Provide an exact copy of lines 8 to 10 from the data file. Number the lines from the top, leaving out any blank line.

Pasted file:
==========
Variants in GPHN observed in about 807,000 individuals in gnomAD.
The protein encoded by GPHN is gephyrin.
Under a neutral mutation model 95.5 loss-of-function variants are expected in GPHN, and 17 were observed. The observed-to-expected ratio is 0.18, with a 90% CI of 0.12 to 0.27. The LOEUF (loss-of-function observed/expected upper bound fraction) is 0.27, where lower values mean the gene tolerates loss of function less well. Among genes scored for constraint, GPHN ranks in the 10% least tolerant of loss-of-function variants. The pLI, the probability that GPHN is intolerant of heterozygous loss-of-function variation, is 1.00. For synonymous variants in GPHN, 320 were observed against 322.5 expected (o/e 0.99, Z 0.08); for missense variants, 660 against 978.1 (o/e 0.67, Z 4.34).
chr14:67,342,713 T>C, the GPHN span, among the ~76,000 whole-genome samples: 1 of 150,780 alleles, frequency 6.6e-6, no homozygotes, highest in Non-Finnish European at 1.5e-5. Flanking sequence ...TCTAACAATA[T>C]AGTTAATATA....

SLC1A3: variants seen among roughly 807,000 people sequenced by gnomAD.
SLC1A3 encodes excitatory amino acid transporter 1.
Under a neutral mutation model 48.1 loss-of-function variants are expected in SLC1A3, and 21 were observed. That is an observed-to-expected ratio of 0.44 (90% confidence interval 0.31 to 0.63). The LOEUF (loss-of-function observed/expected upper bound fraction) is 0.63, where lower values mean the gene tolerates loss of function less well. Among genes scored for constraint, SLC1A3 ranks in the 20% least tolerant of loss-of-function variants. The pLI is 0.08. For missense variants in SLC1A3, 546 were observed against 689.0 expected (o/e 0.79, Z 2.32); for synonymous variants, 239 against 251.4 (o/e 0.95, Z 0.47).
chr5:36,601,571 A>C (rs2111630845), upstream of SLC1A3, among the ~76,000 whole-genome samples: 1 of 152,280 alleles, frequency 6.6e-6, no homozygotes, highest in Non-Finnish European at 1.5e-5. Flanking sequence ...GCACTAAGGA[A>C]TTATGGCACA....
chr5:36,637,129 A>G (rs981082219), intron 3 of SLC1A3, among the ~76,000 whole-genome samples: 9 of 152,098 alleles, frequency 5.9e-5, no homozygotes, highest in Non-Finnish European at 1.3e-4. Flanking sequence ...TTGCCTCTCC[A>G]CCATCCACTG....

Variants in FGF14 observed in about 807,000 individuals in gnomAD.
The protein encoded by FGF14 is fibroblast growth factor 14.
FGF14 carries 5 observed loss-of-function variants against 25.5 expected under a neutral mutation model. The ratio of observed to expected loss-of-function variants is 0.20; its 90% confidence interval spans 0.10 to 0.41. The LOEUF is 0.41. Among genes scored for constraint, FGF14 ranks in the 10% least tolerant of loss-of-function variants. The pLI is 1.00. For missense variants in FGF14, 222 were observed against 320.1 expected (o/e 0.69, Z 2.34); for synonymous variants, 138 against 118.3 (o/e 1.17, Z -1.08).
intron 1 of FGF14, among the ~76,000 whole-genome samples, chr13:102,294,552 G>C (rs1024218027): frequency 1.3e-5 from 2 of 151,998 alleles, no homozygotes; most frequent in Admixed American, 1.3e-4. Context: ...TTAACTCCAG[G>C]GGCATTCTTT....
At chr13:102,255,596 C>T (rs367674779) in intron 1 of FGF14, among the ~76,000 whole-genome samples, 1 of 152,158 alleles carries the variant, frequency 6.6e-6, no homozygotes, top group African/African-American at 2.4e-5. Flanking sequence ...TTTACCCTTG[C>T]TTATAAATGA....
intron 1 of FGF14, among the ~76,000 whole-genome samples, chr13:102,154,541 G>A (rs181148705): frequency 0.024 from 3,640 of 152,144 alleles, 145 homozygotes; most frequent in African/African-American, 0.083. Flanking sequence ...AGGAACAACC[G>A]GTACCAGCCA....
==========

chr5:36,601,571 A>C (rs2111630845), upstream of SLC1A3, among the ~76,000 whole-genome samples: 1 of 152,280 alleles, frequency 6.6e-6, no homozygotes, highest in Non-Finnish European at 1.5e-5. Flanking sequence ...GCACTAAGGA[A>C]TTATGGCACA....
chr5:36,637,129 A>G (rs981082219), intron 3 of SLC1A3, among the ~76,000 whole-genome samples: 9 of 152,098 alleles, frequency 5.9e-5, no homozygotes, highest in Non-Finnish European at 1.3e-4. Flanking sequence ...TTGCCTCTCC[A>G]CCATCCACTG....

Variants in FGF14 observed in about 807,000 individuals in gnomAD.